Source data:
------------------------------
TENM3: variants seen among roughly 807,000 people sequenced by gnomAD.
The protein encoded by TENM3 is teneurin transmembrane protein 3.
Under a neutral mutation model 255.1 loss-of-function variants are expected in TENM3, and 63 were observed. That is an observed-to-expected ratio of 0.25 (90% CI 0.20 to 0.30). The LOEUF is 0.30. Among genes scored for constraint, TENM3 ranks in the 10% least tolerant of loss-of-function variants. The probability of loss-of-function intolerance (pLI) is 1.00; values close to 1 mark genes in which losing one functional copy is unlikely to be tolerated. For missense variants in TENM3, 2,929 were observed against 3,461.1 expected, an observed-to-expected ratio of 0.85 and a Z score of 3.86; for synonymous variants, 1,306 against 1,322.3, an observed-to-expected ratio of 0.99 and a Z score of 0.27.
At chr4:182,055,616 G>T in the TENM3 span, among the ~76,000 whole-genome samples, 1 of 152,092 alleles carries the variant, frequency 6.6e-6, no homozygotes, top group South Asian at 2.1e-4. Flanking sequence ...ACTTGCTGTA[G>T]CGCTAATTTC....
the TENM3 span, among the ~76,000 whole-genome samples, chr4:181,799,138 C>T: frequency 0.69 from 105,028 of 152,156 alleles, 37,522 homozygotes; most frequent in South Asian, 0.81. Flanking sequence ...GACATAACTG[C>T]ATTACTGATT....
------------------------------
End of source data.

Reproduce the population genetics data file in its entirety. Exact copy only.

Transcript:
TENM3: variants seen among roughly 807,000 people sequenced by gnomAD.
The protein encoded by TENM3 is teneurin transmembrane protein 3.
Under a neutral mutation model 255.1 loss-of-function variants are expected in TENM3, and 63 were observed. That is an observed-to-expected ratio of 0.25 (90% CI 0.20 to 0.30). The LOEUF is 0.30. Among genes scored for constraint, TENM3 ranks in the 10% least tolerant of loss-of-function variants. The probability of loss-of-function intolerance (pLI) is 1.00; values close to 1 mark genes in which losing one functional copy is unlikely to be tolerated. For missense variants in TENM3, 2,929 were observed against 3,461.1 expected, an observed-to-expected ratio of 0.85 and a Z score of 3.86; for synonymous variants, 1,306 against 1,322.3, an observed-to-expected ratio of 0.99 and a Z score of 0.27.
At chr4:182,055,616 G>T in the TENM3 span, among the ~76,000 whole-genome samples, 1 of 152,092 alleles carries the variant, frequency 6.6e-6, no homozygotes, top group South Asian at 2.1e-4. Flanking sequence ...ACTTGCTGTA[G>T]CGCTAATTTC....
the TENM3 span, among the ~76,000 whole-genome samples, chr4:181,799,138 C>T: frequency 0.69 from 105,028 of 152,156 alleles, 37,522 homozygotes; most frequent in South Asian, 0.81. Flanking sequence ...GACATAACTG[C>T]ATTACTGATT....